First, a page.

Top three things I learned through Project Go
When asked to write about the top things I learned through my Project Go experience, I immediately agreed. Why? Because I could write about Project Go for hours!
As I sat down to write, however, I didn’t know where to start. How could I summarize a life-changing month in a single article? Which amazing stories should I choose to tell? Out of the hundreds of lessons I learned, which would communicate exactly how wonderful my experience in Peru was?
I believe Project Go was the best decision of my life. Here’s why:
1. Serving others is serving Christ. Project Go was a whirlwind of activity. My team and I were very busy planning Vacation Bible School and painting projects, not to mention adapting to living in a foreign city. When I led recreation activities with the kids, sometimes I concentrated so much on the logistics I forgot to take joy in simply being there.
I believe Christians can become so focused on the act of serving others that we lose sight of why we are there. Jesus paid for my sins with his life. It was important for me to learn that I should serve others with the same love that Jesus shows me.
2. God knows your “unknowns.” I can be a worrier, so the trip’s preparation and activities were a source of anxiety at times. I had a lot of unknowns: Where would we buy food? What activities would we do the first day? How do I say, “Color the pictures with crayons” in Spanish?
The Lord knew my unknowns even before I applied to Project Go, and he wasn’t concerned. I like to think he was smiling and rejoicing in the plans he had for me. Nothing is too big for God, but I also learned that nothing is too small for God, either. He cared about my team’s work in Peru, and he was excited to show us all of our unknowns.
3. God has placed you where you are for a reason. The hardest part of my Project Go experience wasn’t planning VBS, being away from my family or even struggling to communicate in Spanish. The most daunting thing for me was coming home. My team could tell I wanted to stay because I cried at every single goodbye during the days preceding our departure. They also struggled with leaving, and we discussed canceling our plane tickets and staying for “just a few more weeks.”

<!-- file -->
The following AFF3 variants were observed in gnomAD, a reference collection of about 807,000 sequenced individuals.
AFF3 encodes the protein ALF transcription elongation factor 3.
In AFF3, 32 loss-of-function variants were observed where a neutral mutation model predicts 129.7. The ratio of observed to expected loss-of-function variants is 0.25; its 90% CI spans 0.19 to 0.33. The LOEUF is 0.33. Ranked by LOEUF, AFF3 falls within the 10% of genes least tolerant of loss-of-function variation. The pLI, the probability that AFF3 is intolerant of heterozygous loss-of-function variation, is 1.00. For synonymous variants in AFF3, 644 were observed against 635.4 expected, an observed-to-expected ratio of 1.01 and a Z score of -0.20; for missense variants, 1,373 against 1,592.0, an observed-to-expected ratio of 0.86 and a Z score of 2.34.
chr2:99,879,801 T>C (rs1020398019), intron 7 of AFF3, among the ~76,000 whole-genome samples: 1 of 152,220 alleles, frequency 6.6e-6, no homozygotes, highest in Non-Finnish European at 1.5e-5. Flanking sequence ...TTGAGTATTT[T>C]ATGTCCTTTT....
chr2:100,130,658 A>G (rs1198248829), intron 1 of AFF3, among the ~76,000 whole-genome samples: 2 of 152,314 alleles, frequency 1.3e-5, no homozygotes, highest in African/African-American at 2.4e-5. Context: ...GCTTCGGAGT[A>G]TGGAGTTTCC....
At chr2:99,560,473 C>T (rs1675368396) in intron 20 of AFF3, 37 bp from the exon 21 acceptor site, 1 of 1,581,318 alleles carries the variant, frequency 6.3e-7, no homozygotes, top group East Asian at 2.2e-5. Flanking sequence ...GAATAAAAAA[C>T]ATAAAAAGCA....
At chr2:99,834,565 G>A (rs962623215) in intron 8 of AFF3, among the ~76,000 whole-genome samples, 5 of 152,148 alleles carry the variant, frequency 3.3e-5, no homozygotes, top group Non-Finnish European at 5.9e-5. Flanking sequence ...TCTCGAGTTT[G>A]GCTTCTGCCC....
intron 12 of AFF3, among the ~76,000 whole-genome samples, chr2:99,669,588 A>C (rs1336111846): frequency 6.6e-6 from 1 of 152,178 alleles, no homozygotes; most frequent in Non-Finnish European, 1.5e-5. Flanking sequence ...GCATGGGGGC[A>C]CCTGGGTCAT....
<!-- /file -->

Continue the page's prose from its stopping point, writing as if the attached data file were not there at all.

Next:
Giugli, our Buckner Peru intern leader, had to have a difficult discussion with us. She told us that although we wanted to stay in Peru, our lives were in the United States right now. Giuli shared that the Lord wanted us to use the lessons we learned in Peru to glorify him and serve his people back home. Although that conversation was so hard to hear (and made me cry), it was one of the biggest takeaways from my trip.
God has amazing plans for you where you are. Even if you think something like Project Go is impossible or intimidating, the Lord has control. I would encourage everyone to step into their unknowns because allowing the Lord to use you is a beautiful, heavenly thing.
Maggie Wetzel is a student at DePauw University and served in Peru through Project Go, a one- to two-month missions experience for college students and young adults. Click here to learn more.
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